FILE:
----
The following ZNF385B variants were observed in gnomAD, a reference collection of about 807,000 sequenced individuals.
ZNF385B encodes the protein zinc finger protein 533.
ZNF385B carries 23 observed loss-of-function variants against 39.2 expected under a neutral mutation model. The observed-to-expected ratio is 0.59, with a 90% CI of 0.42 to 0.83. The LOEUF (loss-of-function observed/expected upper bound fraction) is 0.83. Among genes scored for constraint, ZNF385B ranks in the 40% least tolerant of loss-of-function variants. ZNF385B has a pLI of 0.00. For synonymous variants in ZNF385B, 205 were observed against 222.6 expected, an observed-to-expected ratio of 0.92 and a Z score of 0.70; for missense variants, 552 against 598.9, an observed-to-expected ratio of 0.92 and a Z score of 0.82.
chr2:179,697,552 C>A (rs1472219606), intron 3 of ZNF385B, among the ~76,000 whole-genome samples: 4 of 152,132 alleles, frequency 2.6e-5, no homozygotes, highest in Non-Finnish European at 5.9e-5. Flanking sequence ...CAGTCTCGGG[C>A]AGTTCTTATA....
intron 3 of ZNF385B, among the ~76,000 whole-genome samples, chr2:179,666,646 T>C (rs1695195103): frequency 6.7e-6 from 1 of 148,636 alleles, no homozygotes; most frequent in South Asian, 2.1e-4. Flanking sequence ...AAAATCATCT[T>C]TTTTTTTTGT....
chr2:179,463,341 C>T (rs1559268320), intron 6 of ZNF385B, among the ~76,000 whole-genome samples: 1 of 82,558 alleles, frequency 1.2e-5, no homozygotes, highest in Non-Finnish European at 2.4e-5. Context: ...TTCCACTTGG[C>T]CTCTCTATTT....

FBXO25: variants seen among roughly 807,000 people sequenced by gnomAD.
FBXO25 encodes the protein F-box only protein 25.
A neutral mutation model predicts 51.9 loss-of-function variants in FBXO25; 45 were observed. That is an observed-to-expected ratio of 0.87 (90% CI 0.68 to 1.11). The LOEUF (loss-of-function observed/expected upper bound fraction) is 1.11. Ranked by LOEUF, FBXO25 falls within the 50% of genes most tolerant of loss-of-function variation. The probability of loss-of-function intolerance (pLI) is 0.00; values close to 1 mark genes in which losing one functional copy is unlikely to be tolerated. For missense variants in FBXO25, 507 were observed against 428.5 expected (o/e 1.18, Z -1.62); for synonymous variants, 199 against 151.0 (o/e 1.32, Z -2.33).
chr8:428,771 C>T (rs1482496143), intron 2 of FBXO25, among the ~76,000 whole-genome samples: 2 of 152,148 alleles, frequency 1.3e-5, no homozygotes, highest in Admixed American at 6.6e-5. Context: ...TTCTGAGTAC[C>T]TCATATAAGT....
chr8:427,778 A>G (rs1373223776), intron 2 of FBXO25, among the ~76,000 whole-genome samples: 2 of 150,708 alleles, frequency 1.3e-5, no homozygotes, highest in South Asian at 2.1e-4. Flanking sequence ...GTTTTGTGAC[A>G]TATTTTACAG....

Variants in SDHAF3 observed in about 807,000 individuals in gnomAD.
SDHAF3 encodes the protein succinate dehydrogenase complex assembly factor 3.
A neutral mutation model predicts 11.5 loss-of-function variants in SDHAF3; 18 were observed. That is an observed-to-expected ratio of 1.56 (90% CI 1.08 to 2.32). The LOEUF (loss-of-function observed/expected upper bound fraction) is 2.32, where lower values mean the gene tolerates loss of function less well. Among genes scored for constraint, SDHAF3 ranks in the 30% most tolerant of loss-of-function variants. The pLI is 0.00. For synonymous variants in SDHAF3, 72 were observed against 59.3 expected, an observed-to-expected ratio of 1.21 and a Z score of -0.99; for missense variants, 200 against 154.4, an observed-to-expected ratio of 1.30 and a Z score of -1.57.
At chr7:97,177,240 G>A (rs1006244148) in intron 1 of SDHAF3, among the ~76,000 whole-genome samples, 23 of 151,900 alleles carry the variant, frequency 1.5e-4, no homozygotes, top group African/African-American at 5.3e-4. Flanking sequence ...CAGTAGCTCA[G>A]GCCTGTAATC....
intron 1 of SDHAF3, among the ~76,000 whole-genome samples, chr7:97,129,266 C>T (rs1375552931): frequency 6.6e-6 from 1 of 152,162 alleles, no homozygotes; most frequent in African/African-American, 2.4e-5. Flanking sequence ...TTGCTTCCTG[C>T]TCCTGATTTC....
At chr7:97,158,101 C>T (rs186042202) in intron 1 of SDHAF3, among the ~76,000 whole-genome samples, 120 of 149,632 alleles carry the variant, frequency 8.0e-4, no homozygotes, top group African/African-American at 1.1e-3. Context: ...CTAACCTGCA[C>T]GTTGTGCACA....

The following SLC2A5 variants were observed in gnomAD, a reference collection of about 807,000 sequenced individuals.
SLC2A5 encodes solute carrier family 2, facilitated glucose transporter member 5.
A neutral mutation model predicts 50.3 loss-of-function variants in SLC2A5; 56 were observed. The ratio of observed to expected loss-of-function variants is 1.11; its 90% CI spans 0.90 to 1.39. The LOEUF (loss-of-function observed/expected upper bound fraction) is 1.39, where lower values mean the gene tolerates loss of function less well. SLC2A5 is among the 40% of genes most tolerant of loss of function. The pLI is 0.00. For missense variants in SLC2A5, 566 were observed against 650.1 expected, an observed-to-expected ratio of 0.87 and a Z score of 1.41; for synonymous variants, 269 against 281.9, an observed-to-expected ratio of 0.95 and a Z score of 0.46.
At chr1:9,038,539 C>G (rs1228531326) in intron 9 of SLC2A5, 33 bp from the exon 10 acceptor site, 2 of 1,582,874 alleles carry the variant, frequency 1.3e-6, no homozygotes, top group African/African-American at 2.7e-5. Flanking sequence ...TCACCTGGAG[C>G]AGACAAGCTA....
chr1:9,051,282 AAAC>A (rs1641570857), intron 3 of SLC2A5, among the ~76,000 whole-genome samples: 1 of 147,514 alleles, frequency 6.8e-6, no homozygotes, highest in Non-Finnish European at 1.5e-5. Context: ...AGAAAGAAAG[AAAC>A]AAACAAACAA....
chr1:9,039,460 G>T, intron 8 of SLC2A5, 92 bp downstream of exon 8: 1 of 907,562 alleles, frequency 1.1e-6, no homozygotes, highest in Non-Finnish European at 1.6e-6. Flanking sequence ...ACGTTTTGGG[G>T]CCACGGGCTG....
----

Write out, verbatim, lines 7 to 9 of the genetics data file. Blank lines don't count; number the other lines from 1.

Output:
FBXO25: variants seen among roughly 807,000 people sequenced by gnomAD.
FBXO25 encodes the protein F-box only protein 25.
A neutral mutation model predicts 51.9 loss-of-function variants in FBXO25; 45 were observed. That is an observed-to-expected ratio of 0.87 (90% CI 0.68 to 1.11). The LOEUF (loss-of-function observed/expected upper bound fraction) is 1.11. Ranked by LOEUF, FBXO25 falls within the 50% of genes most tolerant of loss-of-function variation. The probability of loss-of-function intolerance (pLI) is 0.00; values close to 1 mark genes in which losing one functional copy is unlikely to be tolerated. For missense variants in FBXO25, 507 were observed against 428.5 expected (o/e 1.18, Z -1.62); for synonymous variants, 199 against 151.0 (o/e 1.32, Z -2.33).